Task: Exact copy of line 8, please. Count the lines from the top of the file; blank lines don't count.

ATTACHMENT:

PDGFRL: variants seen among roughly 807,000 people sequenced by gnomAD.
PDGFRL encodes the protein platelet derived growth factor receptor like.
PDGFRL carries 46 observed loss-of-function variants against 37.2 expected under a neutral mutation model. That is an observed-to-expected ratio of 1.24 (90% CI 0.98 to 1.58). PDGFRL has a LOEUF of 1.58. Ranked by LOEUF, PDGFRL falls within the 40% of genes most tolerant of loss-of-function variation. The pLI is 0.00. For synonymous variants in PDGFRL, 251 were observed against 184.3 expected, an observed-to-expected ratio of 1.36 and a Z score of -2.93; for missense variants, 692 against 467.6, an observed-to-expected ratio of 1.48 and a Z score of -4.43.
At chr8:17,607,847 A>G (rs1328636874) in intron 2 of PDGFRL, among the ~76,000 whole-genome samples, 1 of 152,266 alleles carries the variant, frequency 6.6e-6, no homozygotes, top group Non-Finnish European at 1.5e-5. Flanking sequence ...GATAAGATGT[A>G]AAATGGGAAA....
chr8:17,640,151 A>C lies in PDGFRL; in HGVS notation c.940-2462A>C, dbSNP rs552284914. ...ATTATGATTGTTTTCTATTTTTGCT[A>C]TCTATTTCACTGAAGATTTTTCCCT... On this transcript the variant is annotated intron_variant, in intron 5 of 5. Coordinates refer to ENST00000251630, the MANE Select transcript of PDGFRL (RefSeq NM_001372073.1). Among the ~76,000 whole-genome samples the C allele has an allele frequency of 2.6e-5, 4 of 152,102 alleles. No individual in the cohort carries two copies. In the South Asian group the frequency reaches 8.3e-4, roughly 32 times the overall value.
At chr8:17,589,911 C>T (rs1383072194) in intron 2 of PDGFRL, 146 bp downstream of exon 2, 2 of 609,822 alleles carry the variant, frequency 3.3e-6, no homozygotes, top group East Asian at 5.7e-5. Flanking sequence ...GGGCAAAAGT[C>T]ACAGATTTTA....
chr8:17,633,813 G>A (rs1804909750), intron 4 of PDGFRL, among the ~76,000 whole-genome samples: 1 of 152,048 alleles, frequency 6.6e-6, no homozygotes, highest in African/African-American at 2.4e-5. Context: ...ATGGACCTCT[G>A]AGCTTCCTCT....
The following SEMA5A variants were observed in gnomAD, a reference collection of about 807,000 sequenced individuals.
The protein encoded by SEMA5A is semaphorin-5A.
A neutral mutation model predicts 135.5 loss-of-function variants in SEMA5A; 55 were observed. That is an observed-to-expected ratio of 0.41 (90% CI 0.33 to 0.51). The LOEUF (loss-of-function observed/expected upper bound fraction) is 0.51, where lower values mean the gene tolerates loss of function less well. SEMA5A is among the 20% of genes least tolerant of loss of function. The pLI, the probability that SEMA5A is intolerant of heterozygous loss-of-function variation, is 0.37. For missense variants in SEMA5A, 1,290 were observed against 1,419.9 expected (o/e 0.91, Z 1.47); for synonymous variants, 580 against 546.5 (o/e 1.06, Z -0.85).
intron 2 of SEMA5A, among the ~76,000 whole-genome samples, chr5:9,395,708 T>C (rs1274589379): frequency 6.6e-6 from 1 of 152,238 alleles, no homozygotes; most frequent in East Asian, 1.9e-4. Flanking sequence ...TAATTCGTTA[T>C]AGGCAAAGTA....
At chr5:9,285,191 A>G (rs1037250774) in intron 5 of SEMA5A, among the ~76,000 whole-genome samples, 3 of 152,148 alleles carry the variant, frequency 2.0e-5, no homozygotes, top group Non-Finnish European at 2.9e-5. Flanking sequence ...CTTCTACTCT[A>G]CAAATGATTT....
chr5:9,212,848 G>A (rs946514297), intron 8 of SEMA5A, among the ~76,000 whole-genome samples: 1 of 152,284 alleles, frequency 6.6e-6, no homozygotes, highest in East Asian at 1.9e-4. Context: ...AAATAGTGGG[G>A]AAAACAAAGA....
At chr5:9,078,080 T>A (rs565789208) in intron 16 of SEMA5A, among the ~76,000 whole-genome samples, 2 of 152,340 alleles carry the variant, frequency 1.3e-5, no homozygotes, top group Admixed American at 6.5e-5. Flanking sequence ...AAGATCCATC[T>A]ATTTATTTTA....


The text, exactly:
The following SEMA5A variants were observed in gnomAD, a reference collection of about 807,000 sequenced individuals.